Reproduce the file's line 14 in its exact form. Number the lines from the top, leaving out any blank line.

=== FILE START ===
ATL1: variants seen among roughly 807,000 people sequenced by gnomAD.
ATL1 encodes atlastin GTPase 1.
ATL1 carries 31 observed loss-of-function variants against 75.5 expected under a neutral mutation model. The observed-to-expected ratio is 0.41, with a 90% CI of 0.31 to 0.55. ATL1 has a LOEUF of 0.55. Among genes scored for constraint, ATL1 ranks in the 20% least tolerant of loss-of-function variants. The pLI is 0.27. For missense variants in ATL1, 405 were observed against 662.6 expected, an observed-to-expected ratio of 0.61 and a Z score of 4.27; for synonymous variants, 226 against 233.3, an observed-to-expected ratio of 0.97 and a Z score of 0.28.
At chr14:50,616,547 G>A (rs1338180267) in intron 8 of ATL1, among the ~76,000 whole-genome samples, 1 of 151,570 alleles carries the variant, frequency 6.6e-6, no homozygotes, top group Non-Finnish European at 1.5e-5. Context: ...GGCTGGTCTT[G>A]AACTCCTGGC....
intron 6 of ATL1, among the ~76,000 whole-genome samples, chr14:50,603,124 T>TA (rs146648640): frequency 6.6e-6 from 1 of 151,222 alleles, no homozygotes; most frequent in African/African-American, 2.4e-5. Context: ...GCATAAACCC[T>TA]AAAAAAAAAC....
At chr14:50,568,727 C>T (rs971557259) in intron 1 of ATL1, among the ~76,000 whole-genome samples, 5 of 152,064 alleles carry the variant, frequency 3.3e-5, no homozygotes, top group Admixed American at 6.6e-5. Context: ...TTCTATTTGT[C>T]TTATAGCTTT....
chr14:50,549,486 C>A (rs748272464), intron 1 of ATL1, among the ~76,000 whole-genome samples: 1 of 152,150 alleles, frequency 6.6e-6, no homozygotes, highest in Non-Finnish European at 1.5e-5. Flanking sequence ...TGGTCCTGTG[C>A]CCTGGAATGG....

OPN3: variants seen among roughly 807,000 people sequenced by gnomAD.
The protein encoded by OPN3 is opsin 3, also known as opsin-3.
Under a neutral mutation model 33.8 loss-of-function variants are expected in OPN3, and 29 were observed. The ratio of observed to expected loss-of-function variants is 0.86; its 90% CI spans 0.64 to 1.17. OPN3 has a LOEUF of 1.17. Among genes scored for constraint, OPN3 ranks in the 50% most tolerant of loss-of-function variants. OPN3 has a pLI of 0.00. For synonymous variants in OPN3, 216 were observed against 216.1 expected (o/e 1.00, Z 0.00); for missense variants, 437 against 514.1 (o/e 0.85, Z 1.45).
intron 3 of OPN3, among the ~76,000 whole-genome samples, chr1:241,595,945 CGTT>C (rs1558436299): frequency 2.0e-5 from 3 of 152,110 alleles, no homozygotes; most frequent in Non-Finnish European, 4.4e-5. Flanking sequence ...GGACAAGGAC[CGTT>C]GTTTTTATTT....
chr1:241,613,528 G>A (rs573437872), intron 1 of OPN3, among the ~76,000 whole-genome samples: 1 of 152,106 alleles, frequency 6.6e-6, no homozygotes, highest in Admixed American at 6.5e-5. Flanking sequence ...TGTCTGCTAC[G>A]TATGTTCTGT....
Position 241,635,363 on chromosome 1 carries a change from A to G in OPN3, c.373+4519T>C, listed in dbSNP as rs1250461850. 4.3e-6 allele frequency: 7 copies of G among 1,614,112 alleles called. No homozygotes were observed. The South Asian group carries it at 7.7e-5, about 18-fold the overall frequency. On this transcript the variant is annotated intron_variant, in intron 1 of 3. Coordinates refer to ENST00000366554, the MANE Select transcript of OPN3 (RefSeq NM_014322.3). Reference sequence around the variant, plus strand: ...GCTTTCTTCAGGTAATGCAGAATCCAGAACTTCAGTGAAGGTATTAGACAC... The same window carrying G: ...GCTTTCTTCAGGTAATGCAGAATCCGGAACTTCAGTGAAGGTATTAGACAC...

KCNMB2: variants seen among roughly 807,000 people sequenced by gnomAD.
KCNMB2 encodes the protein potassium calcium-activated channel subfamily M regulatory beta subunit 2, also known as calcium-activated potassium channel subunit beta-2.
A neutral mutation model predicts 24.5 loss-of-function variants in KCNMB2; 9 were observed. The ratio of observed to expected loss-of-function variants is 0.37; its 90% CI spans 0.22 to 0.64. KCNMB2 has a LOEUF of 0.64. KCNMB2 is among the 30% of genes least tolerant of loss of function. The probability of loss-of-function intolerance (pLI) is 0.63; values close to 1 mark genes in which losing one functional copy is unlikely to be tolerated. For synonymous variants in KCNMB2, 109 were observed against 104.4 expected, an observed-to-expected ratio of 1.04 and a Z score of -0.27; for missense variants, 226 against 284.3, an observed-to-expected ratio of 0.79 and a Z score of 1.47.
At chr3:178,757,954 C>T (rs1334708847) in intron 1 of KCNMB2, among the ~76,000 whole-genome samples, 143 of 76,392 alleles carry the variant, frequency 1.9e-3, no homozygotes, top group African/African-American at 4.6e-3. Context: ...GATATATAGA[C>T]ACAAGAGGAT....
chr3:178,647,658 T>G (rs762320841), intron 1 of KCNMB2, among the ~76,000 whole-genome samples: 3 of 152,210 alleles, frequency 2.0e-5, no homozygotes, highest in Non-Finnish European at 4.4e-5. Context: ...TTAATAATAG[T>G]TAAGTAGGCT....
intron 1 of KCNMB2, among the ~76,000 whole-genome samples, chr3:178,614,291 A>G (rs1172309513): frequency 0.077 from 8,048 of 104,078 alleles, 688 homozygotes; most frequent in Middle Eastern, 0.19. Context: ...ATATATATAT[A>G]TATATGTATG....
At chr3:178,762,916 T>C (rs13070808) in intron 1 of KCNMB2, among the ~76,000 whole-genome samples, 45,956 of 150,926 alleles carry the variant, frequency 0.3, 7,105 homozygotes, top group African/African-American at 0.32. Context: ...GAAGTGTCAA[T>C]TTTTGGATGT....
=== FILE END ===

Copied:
KCNMB2: variants seen among roughly 807,000 people sequenced by gnomAD.